- Confederate cavalry -- the two great leaders -- John Hunt Morgan, originator of the raid -- sketch of his life -- his Entrance upon duty and early exploits -- rapid Growth of his command -- his dashing raids -- Nathan Bedford Forrest -- his striking Characteristics and valuable service -- General Buell's Embarrassments -- how he was Harassed by these two commanders -- Morgan's First great raid through Kentucky -- his full reports of same -- effect of his brilliant movement -- the consternation Created by it -- capture of Murfreesboro by General Forrest with 1,400 prisoners -- General Buell's Comments on same -- his movements paralyzed by these raids -- capture of Gallatin, Tenn., with many prisoners, by General Morgan -- in Buell's rear -- destruction of his lines of communication -- defeat of brigadier -- General Johnson at Hartsville, and his capture by General Morgan -- Morgan's address to his command.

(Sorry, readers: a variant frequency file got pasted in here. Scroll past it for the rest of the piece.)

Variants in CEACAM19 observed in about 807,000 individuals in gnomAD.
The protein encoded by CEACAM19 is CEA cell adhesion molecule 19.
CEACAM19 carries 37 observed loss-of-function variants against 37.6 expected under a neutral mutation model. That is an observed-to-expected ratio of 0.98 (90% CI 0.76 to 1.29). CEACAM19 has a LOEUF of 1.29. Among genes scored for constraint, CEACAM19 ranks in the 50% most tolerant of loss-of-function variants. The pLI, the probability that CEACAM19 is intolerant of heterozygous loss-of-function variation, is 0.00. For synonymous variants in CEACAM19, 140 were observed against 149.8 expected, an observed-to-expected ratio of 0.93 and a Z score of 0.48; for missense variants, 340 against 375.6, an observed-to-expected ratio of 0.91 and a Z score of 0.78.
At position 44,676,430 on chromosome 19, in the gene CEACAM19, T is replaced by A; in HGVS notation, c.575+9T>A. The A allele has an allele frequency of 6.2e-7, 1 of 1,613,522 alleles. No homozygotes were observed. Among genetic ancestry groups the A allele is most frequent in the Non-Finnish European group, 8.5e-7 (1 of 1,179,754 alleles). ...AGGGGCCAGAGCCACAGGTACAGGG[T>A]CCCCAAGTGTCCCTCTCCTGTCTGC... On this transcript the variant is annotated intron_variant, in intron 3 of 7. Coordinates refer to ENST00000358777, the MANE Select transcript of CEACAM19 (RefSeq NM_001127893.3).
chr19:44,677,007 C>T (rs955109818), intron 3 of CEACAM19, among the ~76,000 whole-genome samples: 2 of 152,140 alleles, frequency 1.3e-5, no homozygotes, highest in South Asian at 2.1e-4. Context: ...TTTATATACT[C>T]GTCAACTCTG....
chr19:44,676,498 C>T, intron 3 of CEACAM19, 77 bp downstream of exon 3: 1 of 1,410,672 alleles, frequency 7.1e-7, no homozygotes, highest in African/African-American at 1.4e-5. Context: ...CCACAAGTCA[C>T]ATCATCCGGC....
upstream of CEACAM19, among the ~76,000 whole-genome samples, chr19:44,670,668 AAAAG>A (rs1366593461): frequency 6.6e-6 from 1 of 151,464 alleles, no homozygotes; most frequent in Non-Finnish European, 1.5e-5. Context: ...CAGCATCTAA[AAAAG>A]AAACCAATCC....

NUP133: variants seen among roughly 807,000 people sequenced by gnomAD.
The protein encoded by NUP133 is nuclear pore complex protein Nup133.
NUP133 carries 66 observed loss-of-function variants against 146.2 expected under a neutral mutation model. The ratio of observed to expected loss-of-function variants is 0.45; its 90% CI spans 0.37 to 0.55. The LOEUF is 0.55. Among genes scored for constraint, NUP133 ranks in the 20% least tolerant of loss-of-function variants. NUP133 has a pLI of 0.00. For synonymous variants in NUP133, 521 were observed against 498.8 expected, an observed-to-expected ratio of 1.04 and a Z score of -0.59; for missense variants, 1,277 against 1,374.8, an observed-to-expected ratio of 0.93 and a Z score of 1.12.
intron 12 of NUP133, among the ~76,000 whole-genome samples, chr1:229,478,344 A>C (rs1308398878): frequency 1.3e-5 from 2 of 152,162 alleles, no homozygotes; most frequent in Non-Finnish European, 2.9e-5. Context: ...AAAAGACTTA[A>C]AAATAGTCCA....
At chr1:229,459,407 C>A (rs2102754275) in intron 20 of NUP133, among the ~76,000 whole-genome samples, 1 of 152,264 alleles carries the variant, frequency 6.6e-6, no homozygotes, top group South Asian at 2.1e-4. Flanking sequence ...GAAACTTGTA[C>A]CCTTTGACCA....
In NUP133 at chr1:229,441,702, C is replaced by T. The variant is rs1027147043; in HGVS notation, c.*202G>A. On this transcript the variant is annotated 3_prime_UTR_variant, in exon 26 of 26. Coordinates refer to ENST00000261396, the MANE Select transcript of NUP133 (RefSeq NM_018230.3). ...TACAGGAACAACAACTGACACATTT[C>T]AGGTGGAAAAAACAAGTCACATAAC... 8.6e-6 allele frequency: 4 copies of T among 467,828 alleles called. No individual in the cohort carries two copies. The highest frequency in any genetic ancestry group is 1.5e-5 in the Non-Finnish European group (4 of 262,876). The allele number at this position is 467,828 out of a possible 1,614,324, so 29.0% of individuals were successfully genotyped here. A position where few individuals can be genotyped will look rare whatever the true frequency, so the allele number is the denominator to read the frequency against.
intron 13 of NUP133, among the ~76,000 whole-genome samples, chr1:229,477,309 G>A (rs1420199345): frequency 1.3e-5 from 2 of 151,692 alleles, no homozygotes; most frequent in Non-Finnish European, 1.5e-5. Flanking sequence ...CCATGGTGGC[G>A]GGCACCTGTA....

Up to this time cavalry had played an unimportant part in the operations of either army. With no reflection upon the merits of other commanders of cavalry, as Forrest and Wheeler in the West and J. E. B. Stuart and Hampton in the East, who afterwards became conspicuous for their great achievements, the man who first demonstrated in the Confederate war the value of cavalry as an adjunct to the infantry, and who above all others was the originator during the war of that system of effective warfare known as the raid, was John H. Morgan. His was not the cavalry known before his time, as the compact, slow-moving, heavily accoutered horsemen, who moved with infantry and were used upon the  flank in marches, or in battle to be brought in at the critical moment for an irresistible charge; but the mounted light infantrymen, drilled to fight on foot when necessary and inured to long marches, who did not hover near the infantry for protection, but acting as its advanced scout, could on occasions cut loose from all communications with the base and by great detours get to the rear of the enemy, destroy his lines of communication, burn his bridges and stores, and retard his operations by the diversion of large bodies of men to protect threatened points. For the service in which Morgan rose to such distinction he was fortunately well adapted by all the conditions calculated to secure success. He was an educated man with some experience in the Mexican war as lieutenant of cavalry, and afterwards, as the captain of a volunteer rifle company, was noted for the discipline and superior drill of his command. Of strikingly handsome features and physique, he had an address which inspired in those associated with him, confidence, respect and friendship. His influence over men was such that if he had selected politics for his field, he could have had advancement at his will. But he chose a more quiet pursuit, and when the war broke out, he was a successful manufacturer, with a lingering taste for tactics which found its expression in being for a number of years at the head of a military company of the young men of Lexington, which was the pride of the town. Like most Kentuckians he was fond of a horse and of outdoor sports, and sat a saddle like a centaur. Notwithstanding the agitation and excitement which for four or five months had existed in Kentucky at the inception of hostilities and had led numbers of young men to leave their homes for service in the Confederate army, Morgan had not been allured from his customary pursuits. All of his associations, sympathies and interests were Southern, but his temperament was cool, his mind was not inflamed with politics, and like many of the  people of his State and locality, he put faith in the asseverations of his Union friends who proclaimed neutrality the panacea for all our ills and the ultimate preserver of peace. He had an abiding faith in the assurance that no one would be molested for his opinions as declared by the resolutions of the legislature, the proclamation of the governor and the general orders of General Anderson when he became the military commander of Kentucky. If he had so desired or intended, he could have taken his company fully equipped away in safety and comfort, yet he remained at home until the process of arrests and the deportation of private citizens to Northern prisons began in violation of all good faith. Suddenly by night his town was invaded by a force from Camp Dick Robinson for the purpose of arresting General Breckinridge and other prominent citizens, who, like himself, had rested secure in the pledges given. Then when it was whispered that he himself was to be a victim, on the next night, September 20th, his resolution was taken, and placing his guns in a wagon with a few of his friends hastily summoned, he eluded the pickets, and mounted made his way to Bowling Green. Reference has been made to his arrival there with 200 men who had joined him singly and in squads, and who attached themselves to various commands in process of organization. With a small body of 20 or 30 men he at once entered upon duty, scouting to the front, and from the beginning displayed the daring which afterwards characterized his operations, passing in rear of the enemy, learning their force and movements and inflicting damage upon bridges, depots and trains. His force gradually increased until it was known as a squadron, with his most trusted men as his lieutenants, and he became of the most valuable aid to the commanding general in the celerity of his movements and the accuracy of his information. When the army fell back through Nashville, he covered its rear and picketed close to the Federal lines.  His first raid was made after General Johnston had started from Murfreesboro for Corinth and Shiloh. On the 7th of March, with Lieutenant-Colonel Wood, ten Texas Rangers and fifteen of his own squadron, he proceeded through by-roads to within eight or ten miles of Nashville, and next morning, in the immediate vicinity of that place, commenced capturing Federal army wagons as they came along, and disarming the men until he had 98 prisoners, including several officers. He then divided his command into three parties and started back with his prisoners, but one detachment was pursued by the Fourth Ohio cavalry and obliged to abandon sixty of the prisoners. Notwithstanding this he brought in 38 prisoners with a large number of horses, mules, pistols, saddles, etc. A second raid was made on the 15th, when he and Colonel Wood with forty men set out from Murfreesboro secretly and in separate parties in the afternoon. They made a rapid night march after reuniting, and reached Gallatin, on the Louisville & Nashville railroad, twenty-six miles north of Nashville, at 4 o'clock p. m. the next day. Here he seized the telegraph office with several of General Buell's dispatches and burned all the rolling stock and water tanks of the railroad, returning with five prisoners and without loss, through the enemy's lines to Shelbyville, Tenn. Gallatin was several times during the war the scene of his most successful raids. At the battle of Shiloh he rendered valuable service both in the advance and the retreat and on the flank of the army during the battle. Shortly after the battle he received permission to make a dash into Tennessee, and on the 26th of April, with a force of 350 men, composed of his own squadron and detachments from Col. Wirt Adams' regiment and McNairy's battalion, he crossed the Tennessee river on a small horse ferry and on the 30th reached Lawrenceburg, Tenn., where the troops encamped for the night. Next day he attacked and routed 400 convalescents employed in erecting a telegraph  line, capturing and paroling many prisoners. He then passed around Nashville and reached Lebanon, about thirty miles east, on the night of May 4th. His command was fatigued by the constant service, and he concluded to rest there until morning; but during the night, which was dark and rainy, he was overtaken by General Dumont, who had left Nashville with the First Kentucky cavalry, Colonel Wolford, and the Twenty-first Kentucky infantry. Morgan's pickets were in a house, and before the alarm could be given Wolford's cavalry charged full upon the camp and came near capturing the whole command. Morgan, with fifteen of his men, escaped, and on the 6th reached Sparta at the foot of the Cumberland mountains, east of Lebanon, where during the next three days fifty of his men joined him. One hundred and twenty-five of his men were captured and six killed. Most of the rest made their way through the Federal lines by circuitous routes and rejoined their several commands. Nothing daunted by this mishap he left Sparta on the 9th with 150 men, mostly recruits, and going in the direction of Bowling Green, entered territory familiar to him, capturing two trains of cars which he burned, and a number of prisoners whom he paroled. About the middle of May he returned to the army at Corinth, and after a short rest began the work of organizing a larger and more effective command with a view of a more extensive raid into Kentucky. Capt. Basil W. Duke, who afterward won distinction scarcely second to that of General Morgan, had been with him from the start as his most trusted lieutenant, but had not been able to accompany him on his last raid on account of a wound received at Corinth, and having collected about 30 of Morgan's men who had been left behind, now rejoined him. Capt. Richard M. Gano, a Kentuckian from Texas, and Capt. John Hoffman from the same State, here also united their two companies of Rangers with the squadron, and its three companies being now  recruited to a maximum, General Morgan proceeded to Chattanooga as a better base for his proposed operations. On his arrival there he found three hundred men of the First Kentucky infantry, whose term of service had just expired in Virginia, who at once joined his command, and thus three more companies were organized. The command was then formed into a regiment, with John H. Morgan as colonel; Basil W. Duke, lieutenant-colonel; G. W. Morgan, a Tennesseean and cousin of John H. Morgan, major; Gordon E. Niles, adjutant; David H. Llewellyn, A. Q. M.; Hiram Reese, A. C. S.; Thomas Allen, surgeon; and Dr. Edelin, assistant surgeon. The companies were commanded as follows: Capt. Jacob Cassell, Company A; Capt. John Allen, Company B; Capt. J. W. Bowles, Company C; Capt. John B. Castleman, Company D; Capt. John Hutchinson, Company E; Capt. Thomas B. Webber, Company F; and Captain McFarland, Company G. These six companies and a fragment of the seventh numbered nearly 400 men, and the regiment became known as the Second Kentucky cavalry. The Texas Rangers were made a battalion, with Maj. R. M. Gano in command. They then moved to Knoxville. Some of the regiment, as General Duke in the history1 of the command says, were mounted, and the remainder ‘had hopes;’ for it must be borne in mind that in the South cavalry horses were not furnished by the government as in the North. In the latter part of June, Colonel Hunt arrived from Georgia with a company of partisans, which became a part of General Morgan's command, and increased his force to 870, of whom fifty or sixty were unmounted and 250 unarmed at the time he started into Kentucky. But Morgan did not monopolize the laurels in the field of his special distinction. In the long list of brave and efficient soldiers furnished to the Confederate army by Tennessee, well called the Volunteer State, the name of  N. B. Forrest will always stand in her history in the first rank. He, too, was a quiet man, older by some years than Morgan, and without the same advantages of education, but a born soldier, who, with no military knowledge derived from books, knew as much of military strategy as Jomini, could command a division as well as a company and, saber in hand, was as ready to charge a regiment as a squad. Nothing daunted him, and he inspired his men with the magnetism of his own zeal and courage. He was a soldier of conspicuous presence, tall, broad-shouldered, and of strong, handsome features—a man of few words and intense action. He was a citizen of Memphis, and in October, 1861, organized a cavalry regiment of eight companies, aggregating about 650 men. When General Johnston took command at Bowling Green, Forrest at his own request was assigned to duty with General Lloyd Tilghman, in command at Hopkinsville, and picketed and scouted to the front between there and the Ohio river, covering General Johnston's left wing. The Federals maintained a good force at Henderson, Owensboro and other points along the Ohio to Paducah, and frequent skirmishes occurred between detachments of infantry and cavalry from these points and Colonel Forrest's command. The first regular cavalry engagement in Kentucky took place at Sacramento, between a detachment of Forrest's command led by himself, and one from Col. James S. Jackson's Third Kentucky cavalry, commanded by Maj. Eli H. Murray; in which, though the latter was defeated, he showed so much gallantry that he soon became the youngest brigadier-general in the Federal service. The casualties were few, numbering among them the death of Captain Meriwether, a Confederate, and Capt. Albert S. Bacon, a Federal officer. At Donelson Colonel Forrest won distinction by his services on the left, and in the battle of the 15th he assisted materially in driving back the Federal right wing. He covered the retreat of General  Johnston from Murfreesboro and took an active part in the battle of Shiloh and in the subsequent operations about Corinth. When the preparations were set on foot for the expedition to Kentucky, he was sent in advance to Chattanooga, and on the march to Kentucky he covered the right wing of Bragg's army under General Polk. As the details of General Forrest's operations belong to the history of Tennessee, and will be doubtless thoroughly treated in that volume, it has only been deemed necessary to refer to his operations bearing on Kentucky. General Buell, meanwhile, was encountering many obstacles in his progress eastward through Tennessee and north Alabama. He had to rebuild bridges and repair railroads for the transportation of his army and to open a line of supply with his base on the Ohio. His army was much dispersed, it being necessary to guard his right flank and at the same time to so dispose his force as not to disclose the objective point, for while he had made up his mind to reach east Tennessee via McMinnville and Altamont, he was repairing the railroad and marching a column in the direction of Chattanooga to disconcert the enemy, or to take it if left unoccupied. He was encompassed by difficulties of the extent of which his superiors were but ill acquainted. Besides, he was never a favorite at Washington, and his suggestions and requests were received with scant approval, delayed or grudgingly complied with. He had incurred enmities and awakened jealousies in his own command which afterward bore fruit in his removal from command and prolonged prosecution before a military commission. As to the danger of attack from General Bragg in flank or front, while he appears to have exercised vigilance, he well says in his statement reviewing the evidence before the commission: ‘I did not anticipate that the enemy was to be left so unemployed at other points that he could direct his great efforts against my enterprise.’ Major-General Halleck's western department headquarters  had been at Corinth until June 16th, when he retired to Washington to become general-in-chief of the Federal armies. General Rosecrans, who about this time succeeded Pope in command of the army of the Mississippi, became early aware of the transfer of troops eastward by Bragg, and it is unaccountable that his army remained inactive and permitted it to be done. While thus hampered, neglected, and overwhelmed with the magnitude of the work before him and the responsibility of protecting a line of 300 miles from Cumberland Gap to Corinth, Gen. John H. Morgan spread consternation throughout Kentucky and Tennessee by his great raid into the former State. Leaving Knoxville on the 4th of July by way of Kingston and Sparta, he passed rapidly through Tompkinsville, Ky., where he crossed the Cumberland to Glasgow, Lebanon, Harrodsburg, Versailles, Georgetown and Cynthiana, where he had a heavy engagement on the 17th. Thence he returned south via Paris, Winchester, Crab Orchard, Somerset and Sparta, making the great circuit in twenty-five days, capturing many prisoners and destroying much military property and securing valuable recruits. Besides this, great demoralization was caused throughout General Buell's army and department, and many times the number of troops in his command were diverted from other service to protect threatened points or attempt Morgan's capture. Following are the reports of General Morgan, giving the details of this remarkable raid: